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Etalew̓txʷ | ÁTOL ÁUTW̱ | Centre of respect for the rights of one another and all beings

The Coast Salish Weaving Framework

The SIÁM SȽEȽWÁȽ NOṈET SWEꞢE,Ƚ | Highly Respected One’s Peace of Mind at Last Coast Salish woven blanket, created by Myrna Crossley, is made with the intention of sharing values and teachings of the land, including using plants from the local territory to create natural dyes.

Myrna’s husband, the late Master Coast Salish carver and artist TEMOSEṈ-ŦET, Dr. Charles Elliott (Tsartlip First Nation), talked about how art is an act of resurgence and resistance, and that by weaving blankets, including this blanket, the wet moldy blanket of oppression and colonization is being lifted off their backs and being replaced with a blanket that belongs to their culture.

Myrna Crossley, Songhees Nation

I feel fortunate to have been taught a skill that my ancestors practiced and with every blanket I weave I learn something new. It is a practice that requires you to be of a good mind and spirit when working; otherwise the wool does not work with you.

The warp & the weft

The WEFT priority areas

Blankets are woven on traditional upright Salish looms with stationary bars that are secured horizontally on the top and bottom of the frame. There is one movable floating horizontal bar in the middle that is held by the warped wool. The wool that wraps vertically around the upper, lower and floating bars of the frame is the warp and the wool that is woven horizontally across is called the weft.

The Laws and Philosophies form the warp of this plan, structuring and grounding our work to come. Strengthened by the teachings and woven across the warp, our priority areas form the weft of the plan. To better align with the teachings, and recognizing the interconnectedness of how we work together as a university community, the five strands of the first Indigenous plan have been re-articulated as the four strands of the weft.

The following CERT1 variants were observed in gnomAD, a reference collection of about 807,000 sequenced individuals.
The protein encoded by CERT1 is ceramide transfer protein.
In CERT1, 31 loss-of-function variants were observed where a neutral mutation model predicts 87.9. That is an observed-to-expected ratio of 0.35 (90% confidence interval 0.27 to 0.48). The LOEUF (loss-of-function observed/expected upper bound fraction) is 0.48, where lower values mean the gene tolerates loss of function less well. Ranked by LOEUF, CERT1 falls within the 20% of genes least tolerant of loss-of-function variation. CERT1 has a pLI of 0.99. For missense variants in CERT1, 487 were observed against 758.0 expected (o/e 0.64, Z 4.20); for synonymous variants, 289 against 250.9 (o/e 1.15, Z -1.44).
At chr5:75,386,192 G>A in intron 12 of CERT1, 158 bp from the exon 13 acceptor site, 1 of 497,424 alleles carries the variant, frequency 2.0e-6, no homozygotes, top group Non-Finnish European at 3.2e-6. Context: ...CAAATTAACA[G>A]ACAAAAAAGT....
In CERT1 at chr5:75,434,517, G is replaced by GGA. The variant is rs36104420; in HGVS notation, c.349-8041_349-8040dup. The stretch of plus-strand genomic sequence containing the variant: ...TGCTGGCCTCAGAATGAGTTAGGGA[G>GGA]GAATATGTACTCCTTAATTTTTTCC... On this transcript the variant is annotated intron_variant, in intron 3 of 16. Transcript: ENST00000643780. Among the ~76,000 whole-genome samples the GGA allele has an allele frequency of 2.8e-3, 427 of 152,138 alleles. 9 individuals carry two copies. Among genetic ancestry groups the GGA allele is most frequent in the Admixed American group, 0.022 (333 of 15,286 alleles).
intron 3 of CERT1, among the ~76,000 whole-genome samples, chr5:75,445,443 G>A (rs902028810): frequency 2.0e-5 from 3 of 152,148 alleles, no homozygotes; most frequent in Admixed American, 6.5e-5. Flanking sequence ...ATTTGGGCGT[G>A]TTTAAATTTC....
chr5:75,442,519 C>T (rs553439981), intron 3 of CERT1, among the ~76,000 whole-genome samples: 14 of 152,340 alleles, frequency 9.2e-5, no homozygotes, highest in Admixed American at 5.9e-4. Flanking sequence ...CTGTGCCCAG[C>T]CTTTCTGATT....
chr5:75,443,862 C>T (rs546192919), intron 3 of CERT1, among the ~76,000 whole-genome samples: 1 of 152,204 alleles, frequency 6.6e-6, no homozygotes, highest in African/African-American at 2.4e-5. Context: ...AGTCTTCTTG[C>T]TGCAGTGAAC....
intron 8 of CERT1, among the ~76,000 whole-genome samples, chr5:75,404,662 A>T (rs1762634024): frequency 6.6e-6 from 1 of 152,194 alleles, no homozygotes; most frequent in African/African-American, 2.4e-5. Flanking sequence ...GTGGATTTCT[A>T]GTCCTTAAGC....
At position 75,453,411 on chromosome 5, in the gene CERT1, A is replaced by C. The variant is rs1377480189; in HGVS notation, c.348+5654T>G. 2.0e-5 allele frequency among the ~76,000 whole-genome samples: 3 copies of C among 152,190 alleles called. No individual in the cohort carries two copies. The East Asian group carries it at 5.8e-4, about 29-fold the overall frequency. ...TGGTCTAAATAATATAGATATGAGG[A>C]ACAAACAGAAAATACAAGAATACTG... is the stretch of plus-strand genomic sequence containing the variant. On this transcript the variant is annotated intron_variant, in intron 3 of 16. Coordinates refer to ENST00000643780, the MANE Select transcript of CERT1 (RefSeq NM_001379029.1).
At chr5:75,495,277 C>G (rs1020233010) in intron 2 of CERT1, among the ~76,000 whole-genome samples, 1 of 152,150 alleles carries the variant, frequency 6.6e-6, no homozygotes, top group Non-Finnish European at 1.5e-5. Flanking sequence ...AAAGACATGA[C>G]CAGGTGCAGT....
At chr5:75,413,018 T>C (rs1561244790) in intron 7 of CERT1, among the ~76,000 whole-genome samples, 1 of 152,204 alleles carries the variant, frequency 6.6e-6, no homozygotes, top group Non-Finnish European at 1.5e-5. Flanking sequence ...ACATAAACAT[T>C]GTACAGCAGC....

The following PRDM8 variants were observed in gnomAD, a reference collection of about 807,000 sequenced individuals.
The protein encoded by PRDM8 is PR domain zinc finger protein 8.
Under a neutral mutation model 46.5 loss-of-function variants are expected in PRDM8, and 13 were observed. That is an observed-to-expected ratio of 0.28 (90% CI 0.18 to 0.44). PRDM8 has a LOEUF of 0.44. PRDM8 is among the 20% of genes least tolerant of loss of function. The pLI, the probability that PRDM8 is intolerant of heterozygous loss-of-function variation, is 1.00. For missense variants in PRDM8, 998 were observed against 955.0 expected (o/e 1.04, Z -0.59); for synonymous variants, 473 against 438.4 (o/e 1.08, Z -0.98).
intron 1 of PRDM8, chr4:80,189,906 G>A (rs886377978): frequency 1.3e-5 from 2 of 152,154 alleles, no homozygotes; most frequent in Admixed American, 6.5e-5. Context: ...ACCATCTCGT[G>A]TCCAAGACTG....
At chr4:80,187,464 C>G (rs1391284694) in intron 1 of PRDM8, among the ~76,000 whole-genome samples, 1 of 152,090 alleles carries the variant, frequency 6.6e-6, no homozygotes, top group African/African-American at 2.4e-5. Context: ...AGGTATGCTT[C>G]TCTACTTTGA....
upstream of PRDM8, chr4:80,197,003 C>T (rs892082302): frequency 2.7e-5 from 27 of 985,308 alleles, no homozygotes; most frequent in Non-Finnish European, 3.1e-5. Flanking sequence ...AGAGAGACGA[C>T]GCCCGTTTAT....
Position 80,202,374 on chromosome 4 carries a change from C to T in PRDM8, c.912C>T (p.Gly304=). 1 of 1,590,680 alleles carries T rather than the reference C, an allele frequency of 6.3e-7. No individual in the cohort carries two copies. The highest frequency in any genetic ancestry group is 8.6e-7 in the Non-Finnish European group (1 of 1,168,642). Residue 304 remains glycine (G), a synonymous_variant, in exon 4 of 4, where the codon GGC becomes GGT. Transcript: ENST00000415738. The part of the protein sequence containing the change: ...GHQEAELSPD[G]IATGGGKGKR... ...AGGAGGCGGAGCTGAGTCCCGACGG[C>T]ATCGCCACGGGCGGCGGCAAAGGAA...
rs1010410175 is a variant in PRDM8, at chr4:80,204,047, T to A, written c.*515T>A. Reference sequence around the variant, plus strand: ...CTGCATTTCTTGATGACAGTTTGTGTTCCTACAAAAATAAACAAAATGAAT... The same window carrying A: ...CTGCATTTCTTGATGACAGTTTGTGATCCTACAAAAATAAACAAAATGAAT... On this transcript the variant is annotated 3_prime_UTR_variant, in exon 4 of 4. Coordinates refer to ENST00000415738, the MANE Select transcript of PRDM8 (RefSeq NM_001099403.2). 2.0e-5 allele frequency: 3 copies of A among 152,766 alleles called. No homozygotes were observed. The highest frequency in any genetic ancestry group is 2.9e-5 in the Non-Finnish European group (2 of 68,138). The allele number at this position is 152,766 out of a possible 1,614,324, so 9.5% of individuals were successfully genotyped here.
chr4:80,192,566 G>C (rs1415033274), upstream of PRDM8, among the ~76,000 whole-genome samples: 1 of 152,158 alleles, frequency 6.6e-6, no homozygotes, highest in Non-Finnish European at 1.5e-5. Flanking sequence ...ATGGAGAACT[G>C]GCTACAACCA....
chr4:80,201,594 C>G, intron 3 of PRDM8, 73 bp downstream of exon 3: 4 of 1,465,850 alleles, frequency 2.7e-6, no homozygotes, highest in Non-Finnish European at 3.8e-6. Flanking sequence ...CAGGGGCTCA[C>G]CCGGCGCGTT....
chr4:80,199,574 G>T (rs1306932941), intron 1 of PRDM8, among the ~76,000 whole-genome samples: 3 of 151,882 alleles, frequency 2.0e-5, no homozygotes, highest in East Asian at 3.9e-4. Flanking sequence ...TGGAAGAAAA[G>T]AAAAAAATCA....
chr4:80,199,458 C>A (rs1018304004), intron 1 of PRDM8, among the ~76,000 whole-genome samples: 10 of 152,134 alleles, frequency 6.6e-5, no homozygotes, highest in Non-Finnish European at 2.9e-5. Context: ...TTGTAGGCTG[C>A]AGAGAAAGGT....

We prioritize personal wellness, a sense of inclusion and belonging, and lifelong learning through all we do in our roles and relations as learners, teachers, collaborators, researchers, community members, alums and leaders. These priorities reflect the needs of students, including all learners, whether full-time or part-time, on-campus or off-campus, in credit or non-credit courses; staff; and faculty, including sessional and community instructors, and teaching assistants. We call attention to the work that needs to be done to support the diverse ways that people come to the university.

Learning and Teaching

We commit to offering a range of academic programs enriched by opportunities to engage with diverse forms of knowledge and to take learning and teaching beyond the classroom. In addition to integrating Indigenous ways of knowing and being, languages and pedagogies, we prioritize accessible programming that responds to community interests and needs.

Research and Re-Searching

As a place for scholarship, professional practice, artistic expression and community engagement, we commit to supporting relationships and creating an environment where Indigenous ways of knowing and being can thrive. Re-search, a term borrowed from Kathleen E. Absolon's [Minogiizhigokwe] Kaandossiwin: How we Come To Know: Indigenous Re-Search Methodologies (2011), means “to search again from our own location and to search again from our own ways” (p.21), by re-writing, re-storying and healing ourselves through the process of regenerating the knowledge that was taken through colonization.

Governance and Operations

Achieving these high-level aspirations to transform how we work together and to align the university with local Indigenous laws and protocols requires the collaboration and leadership of all faculties, divisions, schools, departments and units, and the reshaping of institutional structures. As a community, we hold ourselves responsible to each other and to the work of transforming university systems, and in our implementation of this Indigenous Plan.

Learn about the Indigenous Plan goals and priorities.